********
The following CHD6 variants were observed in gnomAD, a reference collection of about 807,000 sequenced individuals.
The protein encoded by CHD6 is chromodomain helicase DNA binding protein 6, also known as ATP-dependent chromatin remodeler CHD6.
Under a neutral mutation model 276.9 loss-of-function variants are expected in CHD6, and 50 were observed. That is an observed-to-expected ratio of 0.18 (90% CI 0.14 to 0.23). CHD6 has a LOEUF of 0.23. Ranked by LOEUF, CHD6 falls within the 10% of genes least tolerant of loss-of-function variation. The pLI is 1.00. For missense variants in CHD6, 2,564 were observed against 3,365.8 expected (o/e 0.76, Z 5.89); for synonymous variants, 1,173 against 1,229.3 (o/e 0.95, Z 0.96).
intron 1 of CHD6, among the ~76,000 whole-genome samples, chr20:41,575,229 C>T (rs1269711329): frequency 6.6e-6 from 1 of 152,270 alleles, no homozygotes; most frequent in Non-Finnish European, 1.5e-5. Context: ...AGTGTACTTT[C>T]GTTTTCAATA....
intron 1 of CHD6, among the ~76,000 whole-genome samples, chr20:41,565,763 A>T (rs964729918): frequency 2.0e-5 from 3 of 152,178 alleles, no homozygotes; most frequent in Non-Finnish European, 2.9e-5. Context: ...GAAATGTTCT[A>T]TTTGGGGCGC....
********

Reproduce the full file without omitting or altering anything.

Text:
The following CHD6 variants were observed in gnomAD, a reference collection of about 807,000 sequenced individuals.
The protein encoded by CHD6 is chromodomain helicase DNA binding protein 6, also known as ATP-dependent chromatin remodeler CHD6.
Under a neutral mutation model 276.9 loss-of-function variants are expected in CHD6, and 50 were observed. That is an observed-to-expected ratio of 0.18 (90% CI 0.14 to 0.23). CHD6 has a LOEUF of 0.23. Ranked by LOEUF, CHD6 falls within the 10% of genes least tolerant of loss-of-function variation. The pLI is 1.00. For missense variants in CHD6, 2,564 were observed against 3,365.8 expected (o/e 0.76, Z 5.89); for synonymous variants, 1,173 against 1,229.3 (o/e 0.95, Z 0.96).
intron 1 of CHD6, among the ~76,000 whole-genome samples, chr20:41,575,229 C>T (rs1269711329): frequency 6.6e-6 from 1 of 152,270 alleles, no homozygotes; most frequent in Non-Finnish European, 1.5e-5. Context: ...AGTGTACTTT[C>T]GTTTTCAATA....
intron 1 of CHD6, among the ~76,000 whole-genome samples, chr20:41,565,763 A>T (rs964729918): frequency 2.0e-5 from 3 of 152,178 alleles, no homozygotes; most frequent in Non-Finnish European, 2.9e-5. Context: ...GAAATGTTCT[A>T]TTTGGGGCGC....